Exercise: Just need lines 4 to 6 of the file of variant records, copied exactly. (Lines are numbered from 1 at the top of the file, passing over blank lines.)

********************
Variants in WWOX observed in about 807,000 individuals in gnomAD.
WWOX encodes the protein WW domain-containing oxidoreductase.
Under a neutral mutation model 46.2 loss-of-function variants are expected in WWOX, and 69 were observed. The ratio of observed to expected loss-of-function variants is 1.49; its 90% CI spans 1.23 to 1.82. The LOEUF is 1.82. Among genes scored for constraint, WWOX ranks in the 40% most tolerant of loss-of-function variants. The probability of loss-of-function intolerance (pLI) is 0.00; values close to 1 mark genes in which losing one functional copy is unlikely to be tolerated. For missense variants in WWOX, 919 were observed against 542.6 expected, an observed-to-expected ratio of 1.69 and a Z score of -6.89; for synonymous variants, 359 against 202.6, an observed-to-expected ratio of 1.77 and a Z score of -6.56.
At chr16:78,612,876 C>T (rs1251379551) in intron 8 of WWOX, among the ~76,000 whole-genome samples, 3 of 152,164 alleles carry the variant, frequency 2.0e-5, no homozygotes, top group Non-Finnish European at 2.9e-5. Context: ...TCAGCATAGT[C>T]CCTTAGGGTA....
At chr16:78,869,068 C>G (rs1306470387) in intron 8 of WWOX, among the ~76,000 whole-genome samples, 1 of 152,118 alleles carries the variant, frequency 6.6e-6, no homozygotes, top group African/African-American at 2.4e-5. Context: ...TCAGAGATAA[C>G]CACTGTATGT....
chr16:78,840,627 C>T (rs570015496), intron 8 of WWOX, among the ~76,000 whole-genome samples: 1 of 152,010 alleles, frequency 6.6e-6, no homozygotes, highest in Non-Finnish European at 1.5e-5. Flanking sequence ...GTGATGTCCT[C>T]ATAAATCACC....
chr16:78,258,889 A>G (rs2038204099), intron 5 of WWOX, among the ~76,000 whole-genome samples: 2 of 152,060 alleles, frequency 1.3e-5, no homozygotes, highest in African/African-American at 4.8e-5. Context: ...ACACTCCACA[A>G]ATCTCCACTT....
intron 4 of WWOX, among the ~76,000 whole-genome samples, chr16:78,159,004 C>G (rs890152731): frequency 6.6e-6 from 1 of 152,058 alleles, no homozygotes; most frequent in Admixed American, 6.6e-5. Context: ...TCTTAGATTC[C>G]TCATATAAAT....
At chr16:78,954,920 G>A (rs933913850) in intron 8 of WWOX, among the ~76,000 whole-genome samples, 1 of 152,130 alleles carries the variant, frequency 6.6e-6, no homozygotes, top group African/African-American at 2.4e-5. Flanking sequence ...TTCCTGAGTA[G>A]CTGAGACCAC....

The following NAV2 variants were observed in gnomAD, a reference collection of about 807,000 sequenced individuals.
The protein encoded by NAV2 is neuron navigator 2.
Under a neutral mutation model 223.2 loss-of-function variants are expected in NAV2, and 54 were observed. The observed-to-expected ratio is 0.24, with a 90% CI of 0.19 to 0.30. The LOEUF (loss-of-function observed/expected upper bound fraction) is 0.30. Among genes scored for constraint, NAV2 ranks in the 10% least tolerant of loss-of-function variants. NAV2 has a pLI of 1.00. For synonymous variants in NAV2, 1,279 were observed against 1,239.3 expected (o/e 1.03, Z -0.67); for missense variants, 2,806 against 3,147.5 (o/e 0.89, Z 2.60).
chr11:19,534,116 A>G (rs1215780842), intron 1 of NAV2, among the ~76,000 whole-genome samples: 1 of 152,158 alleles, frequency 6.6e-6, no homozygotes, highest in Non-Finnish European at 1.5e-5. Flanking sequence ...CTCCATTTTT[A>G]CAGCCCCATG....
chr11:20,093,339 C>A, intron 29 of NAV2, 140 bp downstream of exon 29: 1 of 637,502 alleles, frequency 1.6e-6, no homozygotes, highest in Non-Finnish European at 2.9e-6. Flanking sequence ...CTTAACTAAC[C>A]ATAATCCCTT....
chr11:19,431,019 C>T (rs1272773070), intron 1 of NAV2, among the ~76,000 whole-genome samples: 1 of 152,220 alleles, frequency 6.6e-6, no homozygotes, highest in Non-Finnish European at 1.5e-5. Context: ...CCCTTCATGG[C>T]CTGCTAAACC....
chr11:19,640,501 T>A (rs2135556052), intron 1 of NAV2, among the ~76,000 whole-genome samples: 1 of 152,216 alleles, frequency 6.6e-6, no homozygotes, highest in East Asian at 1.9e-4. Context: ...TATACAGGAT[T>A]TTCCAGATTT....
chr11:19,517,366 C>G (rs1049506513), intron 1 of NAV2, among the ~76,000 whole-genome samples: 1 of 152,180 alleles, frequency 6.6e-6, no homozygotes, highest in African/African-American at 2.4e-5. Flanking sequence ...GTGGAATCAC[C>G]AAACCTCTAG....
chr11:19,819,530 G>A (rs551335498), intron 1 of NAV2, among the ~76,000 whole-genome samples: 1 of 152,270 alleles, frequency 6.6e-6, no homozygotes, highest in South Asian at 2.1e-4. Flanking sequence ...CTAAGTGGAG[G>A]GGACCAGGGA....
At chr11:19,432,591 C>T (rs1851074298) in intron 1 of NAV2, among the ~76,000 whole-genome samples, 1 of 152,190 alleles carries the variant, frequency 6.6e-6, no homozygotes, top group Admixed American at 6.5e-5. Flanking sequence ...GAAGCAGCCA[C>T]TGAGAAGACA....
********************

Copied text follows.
At chr16:78,612,876 C>T (rs1251379551) in intron 8 of WWOX, among the ~76,000 whole-genome samples, 3 of 152,164 alleles carry the variant, frequency 2.0e-5, no homozygotes, top group Non-Finnish European at 2.9e-5. Context: ...TCAGCATAGT[C>T]CCTTAGGGTA....
At chr16:78,869,068 C>G (rs1306470387) in intron 8 of WWOX, among the ~76,000 whole-genome samples, 1 of 152,118 alleles carries the variant, frequency 6.6e-6, no homozygotes, top group African/African-American at 2.4e-5. Context: ...TCAGAGATAA[C>G]CACTGTATGT....
chr16:78,840,627 C>T (rs570015496), intron 8 of WWOX, among the ~76,000 whole-genome samples: 1 of 152,010 alleles, frequency 6.6e-6, no homozygotes, highest in Non-Finnish European at 1.5e-5. Flanking sequence ...GTGATGTCCT[C>T]ATAAATCACC....